Conservation Regulator officers are patrolling a stretch of beach at Port Fairy, following numerous reports of dogs chasing hooded plovers in the area.
Both adult and baby hooded plovers are nesting in shallow scrapes in the sand on the section of beach from Connolly’s Access Point to Golfies Access Point.
Prominent signage advises that the area is a nesting site for the threatened species, and sections have been fenced off to the public.
Conservation Regulator Forest and Wildlife Officers will monitor the stretch of beach until the end of April, when the hooded plover breeding season ends.
The Conservation Regulator will investigate instances and reports of dogs harassing hooded plovers.
Standing only 15 centimetres tall, these tiny beach-nesting shorebirds rely on undisturbed areas to breed.
Significant penalties apply for dog owners whose pets destroy or disturb these birds or their nests.
Under the Wildlife Act 1975, allowing a dog to attack or chase wildlife is a crime, and the offence can be subject to a fine of up to $4,130.
If you have information relating to dogs chasing or harassing wildlife, report it to Crime Stoppers confidentially on 1800 333 000 or at crimestoppers.com.au.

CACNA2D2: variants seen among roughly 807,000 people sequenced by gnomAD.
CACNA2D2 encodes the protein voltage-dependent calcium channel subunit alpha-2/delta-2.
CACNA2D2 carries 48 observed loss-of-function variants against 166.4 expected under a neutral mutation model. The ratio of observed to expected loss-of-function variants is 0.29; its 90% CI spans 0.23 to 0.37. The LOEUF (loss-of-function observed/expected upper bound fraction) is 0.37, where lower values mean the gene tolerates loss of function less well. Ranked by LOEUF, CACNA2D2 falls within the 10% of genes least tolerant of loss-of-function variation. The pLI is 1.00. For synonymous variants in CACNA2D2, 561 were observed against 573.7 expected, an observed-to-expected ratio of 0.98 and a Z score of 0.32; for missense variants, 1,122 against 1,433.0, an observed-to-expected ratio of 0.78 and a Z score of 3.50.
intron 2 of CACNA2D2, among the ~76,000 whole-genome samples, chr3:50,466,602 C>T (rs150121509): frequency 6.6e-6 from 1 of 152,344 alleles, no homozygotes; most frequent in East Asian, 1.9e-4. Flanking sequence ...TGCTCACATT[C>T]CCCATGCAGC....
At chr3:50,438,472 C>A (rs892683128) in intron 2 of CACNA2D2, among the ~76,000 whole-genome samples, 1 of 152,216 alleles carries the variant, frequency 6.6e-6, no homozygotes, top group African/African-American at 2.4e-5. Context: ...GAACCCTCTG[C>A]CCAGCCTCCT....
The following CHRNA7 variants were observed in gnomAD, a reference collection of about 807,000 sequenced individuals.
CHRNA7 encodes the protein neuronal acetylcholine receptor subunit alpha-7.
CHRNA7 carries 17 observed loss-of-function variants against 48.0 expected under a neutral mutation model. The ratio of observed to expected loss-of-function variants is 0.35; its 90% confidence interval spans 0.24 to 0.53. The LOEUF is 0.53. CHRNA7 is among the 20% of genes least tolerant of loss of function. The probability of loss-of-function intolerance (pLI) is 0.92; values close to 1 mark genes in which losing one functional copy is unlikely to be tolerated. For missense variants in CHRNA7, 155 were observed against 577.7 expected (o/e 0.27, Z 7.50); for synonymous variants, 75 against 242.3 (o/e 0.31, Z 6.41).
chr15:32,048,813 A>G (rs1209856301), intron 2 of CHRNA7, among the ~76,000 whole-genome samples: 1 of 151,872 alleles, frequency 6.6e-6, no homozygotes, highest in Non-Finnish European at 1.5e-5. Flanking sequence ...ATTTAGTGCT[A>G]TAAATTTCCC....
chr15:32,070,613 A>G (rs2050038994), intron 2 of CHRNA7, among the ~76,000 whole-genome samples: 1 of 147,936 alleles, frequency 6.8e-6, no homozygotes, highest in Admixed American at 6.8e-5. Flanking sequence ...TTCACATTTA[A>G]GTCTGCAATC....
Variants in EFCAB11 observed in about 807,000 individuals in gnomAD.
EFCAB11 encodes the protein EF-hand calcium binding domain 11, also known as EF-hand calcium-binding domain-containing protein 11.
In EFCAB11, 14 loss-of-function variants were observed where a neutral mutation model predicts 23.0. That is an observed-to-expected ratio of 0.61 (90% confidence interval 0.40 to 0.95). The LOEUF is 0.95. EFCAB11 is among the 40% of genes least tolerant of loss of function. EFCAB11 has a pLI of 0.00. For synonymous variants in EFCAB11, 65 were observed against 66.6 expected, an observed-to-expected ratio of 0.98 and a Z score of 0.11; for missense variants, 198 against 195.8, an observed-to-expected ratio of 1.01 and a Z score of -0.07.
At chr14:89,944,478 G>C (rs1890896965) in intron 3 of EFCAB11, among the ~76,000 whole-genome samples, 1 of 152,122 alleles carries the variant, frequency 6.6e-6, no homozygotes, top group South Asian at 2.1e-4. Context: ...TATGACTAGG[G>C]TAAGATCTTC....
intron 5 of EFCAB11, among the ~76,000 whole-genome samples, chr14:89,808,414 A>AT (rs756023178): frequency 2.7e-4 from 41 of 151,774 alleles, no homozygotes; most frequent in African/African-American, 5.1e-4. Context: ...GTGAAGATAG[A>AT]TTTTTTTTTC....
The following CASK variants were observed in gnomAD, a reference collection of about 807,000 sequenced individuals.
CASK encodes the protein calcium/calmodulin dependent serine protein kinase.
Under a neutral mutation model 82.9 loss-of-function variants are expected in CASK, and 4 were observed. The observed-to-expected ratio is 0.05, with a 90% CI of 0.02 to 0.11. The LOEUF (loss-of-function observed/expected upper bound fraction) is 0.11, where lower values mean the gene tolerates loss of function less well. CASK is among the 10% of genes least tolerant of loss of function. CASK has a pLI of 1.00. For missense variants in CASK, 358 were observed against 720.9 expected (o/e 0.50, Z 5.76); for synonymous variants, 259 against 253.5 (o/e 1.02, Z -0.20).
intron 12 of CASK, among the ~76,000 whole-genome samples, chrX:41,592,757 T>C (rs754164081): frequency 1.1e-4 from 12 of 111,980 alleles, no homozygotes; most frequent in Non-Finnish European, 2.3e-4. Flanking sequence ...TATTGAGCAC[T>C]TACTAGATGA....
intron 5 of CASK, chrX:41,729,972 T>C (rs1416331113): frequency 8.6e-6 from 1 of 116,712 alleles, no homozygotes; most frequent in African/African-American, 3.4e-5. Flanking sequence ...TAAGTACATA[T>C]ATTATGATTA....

Comments attributable to Conservation Regulator Barwon South West Acting Program Manager of Regulatory Operations, Ash Burns:
“It’s very disappointing we’ve had reports of dogs chasing and harassing hooded plovers, as dogs are a major threat to the survival of this threatened species.”
“We’re encouraging dog owners to have their dogs on leashes at this beach, and maintain a safe distance the from fenced off areas.”
“The breeding season for these shore-nesting birds is until the end of April, so people and their animals need to steer clear of the nest sites to protect the young.”
“Anyone who witnesses hooded plovers being chased by dogs is urged to make a report to Crime Stoppers, and help us protect this iconic species.”
Page last updated: 27/03/20